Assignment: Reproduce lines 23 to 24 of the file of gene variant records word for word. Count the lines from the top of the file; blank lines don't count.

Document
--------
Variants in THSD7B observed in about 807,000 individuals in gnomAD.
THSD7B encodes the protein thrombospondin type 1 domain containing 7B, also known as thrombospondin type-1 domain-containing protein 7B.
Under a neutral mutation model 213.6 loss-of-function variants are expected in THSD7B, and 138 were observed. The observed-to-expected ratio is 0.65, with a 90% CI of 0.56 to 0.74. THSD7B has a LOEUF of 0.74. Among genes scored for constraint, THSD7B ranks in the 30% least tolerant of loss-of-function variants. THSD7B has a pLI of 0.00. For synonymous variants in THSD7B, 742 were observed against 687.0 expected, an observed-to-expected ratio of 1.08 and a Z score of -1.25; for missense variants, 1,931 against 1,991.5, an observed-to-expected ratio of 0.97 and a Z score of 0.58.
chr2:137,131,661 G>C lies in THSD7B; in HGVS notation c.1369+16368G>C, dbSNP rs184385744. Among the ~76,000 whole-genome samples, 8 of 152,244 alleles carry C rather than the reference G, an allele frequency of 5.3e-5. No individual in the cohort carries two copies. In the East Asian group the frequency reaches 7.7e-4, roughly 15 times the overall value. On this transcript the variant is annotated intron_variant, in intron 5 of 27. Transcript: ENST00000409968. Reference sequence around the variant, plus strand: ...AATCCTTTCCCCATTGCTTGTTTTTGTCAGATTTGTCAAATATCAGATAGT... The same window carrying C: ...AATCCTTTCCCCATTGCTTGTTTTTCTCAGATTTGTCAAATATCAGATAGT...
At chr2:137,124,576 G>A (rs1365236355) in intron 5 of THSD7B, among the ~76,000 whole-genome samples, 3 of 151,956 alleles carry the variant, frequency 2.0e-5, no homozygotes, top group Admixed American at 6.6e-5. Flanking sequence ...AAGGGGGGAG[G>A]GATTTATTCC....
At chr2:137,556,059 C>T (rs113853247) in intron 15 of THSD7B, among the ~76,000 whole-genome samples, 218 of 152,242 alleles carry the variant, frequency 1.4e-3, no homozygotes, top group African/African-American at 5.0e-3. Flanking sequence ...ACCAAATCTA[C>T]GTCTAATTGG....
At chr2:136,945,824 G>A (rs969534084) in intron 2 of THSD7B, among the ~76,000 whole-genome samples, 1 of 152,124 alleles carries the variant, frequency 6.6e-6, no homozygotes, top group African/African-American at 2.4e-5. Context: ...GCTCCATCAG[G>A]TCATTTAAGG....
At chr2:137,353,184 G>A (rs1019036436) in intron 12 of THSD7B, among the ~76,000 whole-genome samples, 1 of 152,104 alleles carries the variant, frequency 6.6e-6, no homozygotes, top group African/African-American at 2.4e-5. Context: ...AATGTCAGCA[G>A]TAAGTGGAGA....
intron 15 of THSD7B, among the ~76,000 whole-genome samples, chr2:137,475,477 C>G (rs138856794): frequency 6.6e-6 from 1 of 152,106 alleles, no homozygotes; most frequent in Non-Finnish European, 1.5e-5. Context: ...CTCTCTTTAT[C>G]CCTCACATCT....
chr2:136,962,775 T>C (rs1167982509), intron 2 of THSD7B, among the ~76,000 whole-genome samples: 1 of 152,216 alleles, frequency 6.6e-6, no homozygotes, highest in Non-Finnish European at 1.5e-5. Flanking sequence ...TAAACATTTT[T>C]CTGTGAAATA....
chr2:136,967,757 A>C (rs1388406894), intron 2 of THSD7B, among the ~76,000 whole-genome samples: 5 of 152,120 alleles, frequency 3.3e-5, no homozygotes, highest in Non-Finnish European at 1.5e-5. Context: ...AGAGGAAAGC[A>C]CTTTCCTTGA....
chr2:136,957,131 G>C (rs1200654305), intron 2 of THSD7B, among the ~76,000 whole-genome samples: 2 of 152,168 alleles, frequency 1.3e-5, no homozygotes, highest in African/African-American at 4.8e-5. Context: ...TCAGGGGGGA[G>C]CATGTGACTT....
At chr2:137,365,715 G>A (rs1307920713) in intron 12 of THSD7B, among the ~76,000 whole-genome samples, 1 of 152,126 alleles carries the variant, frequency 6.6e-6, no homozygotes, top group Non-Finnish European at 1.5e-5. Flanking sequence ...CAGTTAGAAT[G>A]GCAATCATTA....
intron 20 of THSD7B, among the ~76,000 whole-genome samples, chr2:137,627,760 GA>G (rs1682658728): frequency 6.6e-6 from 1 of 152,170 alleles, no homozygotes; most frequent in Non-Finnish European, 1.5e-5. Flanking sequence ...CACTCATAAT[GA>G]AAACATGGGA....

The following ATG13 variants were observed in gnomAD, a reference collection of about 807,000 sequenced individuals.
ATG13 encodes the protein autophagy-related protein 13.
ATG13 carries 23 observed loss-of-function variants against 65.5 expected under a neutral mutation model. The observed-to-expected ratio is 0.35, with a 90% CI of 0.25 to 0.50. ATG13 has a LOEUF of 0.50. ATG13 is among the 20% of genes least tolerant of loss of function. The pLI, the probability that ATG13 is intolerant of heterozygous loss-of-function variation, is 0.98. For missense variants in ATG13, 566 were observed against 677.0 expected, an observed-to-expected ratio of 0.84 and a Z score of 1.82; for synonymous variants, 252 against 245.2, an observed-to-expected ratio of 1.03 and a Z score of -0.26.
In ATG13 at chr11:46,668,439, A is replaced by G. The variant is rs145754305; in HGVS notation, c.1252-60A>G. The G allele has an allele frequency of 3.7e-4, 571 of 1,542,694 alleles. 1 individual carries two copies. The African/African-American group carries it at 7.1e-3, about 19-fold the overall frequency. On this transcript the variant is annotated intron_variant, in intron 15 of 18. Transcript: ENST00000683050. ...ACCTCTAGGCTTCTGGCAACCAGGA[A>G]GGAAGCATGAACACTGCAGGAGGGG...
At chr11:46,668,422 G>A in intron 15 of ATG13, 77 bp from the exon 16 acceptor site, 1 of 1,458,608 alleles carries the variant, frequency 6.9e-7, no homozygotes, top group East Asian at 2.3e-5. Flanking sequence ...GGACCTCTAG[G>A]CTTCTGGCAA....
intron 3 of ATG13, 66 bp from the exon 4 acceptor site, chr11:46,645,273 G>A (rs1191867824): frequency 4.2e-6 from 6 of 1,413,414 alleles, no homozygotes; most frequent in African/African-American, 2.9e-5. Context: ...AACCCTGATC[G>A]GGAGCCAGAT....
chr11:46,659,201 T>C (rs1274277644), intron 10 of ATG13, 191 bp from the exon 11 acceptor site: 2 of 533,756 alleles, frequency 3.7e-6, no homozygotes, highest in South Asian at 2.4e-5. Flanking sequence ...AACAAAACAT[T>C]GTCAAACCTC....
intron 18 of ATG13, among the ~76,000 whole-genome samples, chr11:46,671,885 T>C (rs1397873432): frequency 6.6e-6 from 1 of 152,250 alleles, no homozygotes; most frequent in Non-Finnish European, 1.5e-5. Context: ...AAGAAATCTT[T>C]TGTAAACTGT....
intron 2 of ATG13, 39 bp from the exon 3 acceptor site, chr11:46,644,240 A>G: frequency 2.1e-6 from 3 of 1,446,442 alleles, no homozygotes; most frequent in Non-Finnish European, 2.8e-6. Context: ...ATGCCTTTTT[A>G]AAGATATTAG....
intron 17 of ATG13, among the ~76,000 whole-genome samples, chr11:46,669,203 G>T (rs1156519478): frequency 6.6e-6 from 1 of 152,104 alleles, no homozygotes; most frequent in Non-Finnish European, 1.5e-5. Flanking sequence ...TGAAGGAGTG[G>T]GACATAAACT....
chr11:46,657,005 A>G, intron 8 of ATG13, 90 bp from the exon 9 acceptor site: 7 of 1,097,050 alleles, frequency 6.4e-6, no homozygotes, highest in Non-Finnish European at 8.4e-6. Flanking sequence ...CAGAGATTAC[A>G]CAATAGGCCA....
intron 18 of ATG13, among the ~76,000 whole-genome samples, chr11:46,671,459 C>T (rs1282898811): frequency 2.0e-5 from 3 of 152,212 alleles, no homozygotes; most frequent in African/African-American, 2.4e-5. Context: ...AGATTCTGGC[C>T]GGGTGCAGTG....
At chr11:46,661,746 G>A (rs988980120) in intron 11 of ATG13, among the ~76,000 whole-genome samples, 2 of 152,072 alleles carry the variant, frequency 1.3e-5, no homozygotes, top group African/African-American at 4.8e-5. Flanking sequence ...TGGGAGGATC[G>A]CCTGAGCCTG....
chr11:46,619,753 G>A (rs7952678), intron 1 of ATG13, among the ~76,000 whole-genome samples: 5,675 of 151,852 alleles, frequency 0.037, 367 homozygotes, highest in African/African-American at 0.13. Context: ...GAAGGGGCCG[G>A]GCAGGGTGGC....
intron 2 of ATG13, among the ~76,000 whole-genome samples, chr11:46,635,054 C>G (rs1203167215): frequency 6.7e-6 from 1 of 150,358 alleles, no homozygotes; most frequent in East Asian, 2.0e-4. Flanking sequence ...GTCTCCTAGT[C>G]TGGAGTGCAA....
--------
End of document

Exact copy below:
intron 2 of ATG13, 39 bp from the exon 3 acceptor site, chr11:46,644,240 A>G: frequency 2.1e-6 from 3 of 1,446,442 alleles, no homozygotes; most frequent in Non-Finnish European, 2.8e-6. Context: ...ATGCCTTTTT[A>G]AAGATATTAG....
intron 17 of ATG13, among the ~76,000 whole-genome samples, chr11:46,669,203 G>T (rs1156519478): frequency 6.6e-6 from 1 of 152,104 alleles, no homozygotes; most frequent in Non-Finnish European, 1.5e-5. Flanking sequence ...TGAAGGAGTG[G>T]GACATAAACT....